Looking at Jet Fuel Discount Cards
Of course “biker beans in jet fuel sauce” is an eye-catching alternative to jet fuel. But today let’s talk about jet fuel. What really influences its high price in the wing, and what you can do about it.
Anyone ever wonder why jet fuel is so expensive per gallon? Is it just because 1%ers use jets and are easy prey and simply do not care about money? Or is there something else at play here?
The spot price for a gallon of jet fuel as of this post (from the “Index Mundi”) is $2.37 U.S. The spot price for a gallon of gasoline is $2.29 U.S. There is an eight cent per gallon difference between processing gasoline and jet fuel…a 3.5% difference. The generally accepted belief is refining of Jet fuel, or the lesser number of gallons of jet fuel produced per barrel of crude, is the cause of the huge cost disparity between jet fuel and gasoline. This is clearly incorrect.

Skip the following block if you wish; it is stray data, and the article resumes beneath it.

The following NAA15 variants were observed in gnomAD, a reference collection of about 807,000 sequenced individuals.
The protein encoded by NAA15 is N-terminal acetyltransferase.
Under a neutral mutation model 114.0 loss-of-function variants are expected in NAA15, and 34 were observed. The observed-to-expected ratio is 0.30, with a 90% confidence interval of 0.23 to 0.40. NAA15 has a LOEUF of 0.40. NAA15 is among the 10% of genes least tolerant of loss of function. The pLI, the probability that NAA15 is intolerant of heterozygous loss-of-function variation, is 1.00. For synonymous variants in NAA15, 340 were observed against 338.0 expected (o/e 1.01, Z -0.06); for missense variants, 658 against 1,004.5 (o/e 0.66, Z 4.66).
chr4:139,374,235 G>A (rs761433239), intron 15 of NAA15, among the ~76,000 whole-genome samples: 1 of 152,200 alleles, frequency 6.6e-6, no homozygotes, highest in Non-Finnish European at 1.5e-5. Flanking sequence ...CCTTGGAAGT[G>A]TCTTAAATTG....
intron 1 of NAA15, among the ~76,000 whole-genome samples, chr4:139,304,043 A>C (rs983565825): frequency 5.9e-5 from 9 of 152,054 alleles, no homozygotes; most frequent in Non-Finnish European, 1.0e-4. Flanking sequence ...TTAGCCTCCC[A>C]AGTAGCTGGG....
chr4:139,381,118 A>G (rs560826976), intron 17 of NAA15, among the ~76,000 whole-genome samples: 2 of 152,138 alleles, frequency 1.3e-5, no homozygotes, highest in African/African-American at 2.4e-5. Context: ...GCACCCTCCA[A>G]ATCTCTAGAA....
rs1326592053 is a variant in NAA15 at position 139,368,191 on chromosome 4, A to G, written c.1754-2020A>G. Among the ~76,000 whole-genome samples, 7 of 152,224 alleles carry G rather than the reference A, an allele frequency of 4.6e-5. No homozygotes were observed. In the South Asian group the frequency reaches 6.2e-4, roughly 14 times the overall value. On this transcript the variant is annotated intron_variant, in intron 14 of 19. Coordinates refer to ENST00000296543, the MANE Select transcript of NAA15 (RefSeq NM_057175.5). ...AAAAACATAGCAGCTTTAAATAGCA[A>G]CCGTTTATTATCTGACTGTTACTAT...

Then how does $2.37 a gallon for jet fuel become $5 to $6 dollars or more per gallon when it goes into the wing of a jet or turbo prop aircraft?
Obviously we all understand there are a series of costs involved beyond the spot price of jet fuel…transportation, federal, state and local taxes, fuel flow fees, and profits for the fuel delivery source. Coincidently, these just happen to be the same costs involved in getting gasoline into my car’s gas tank which, as of today, is $3.00 a gallon…an increase of 31% over the spot price.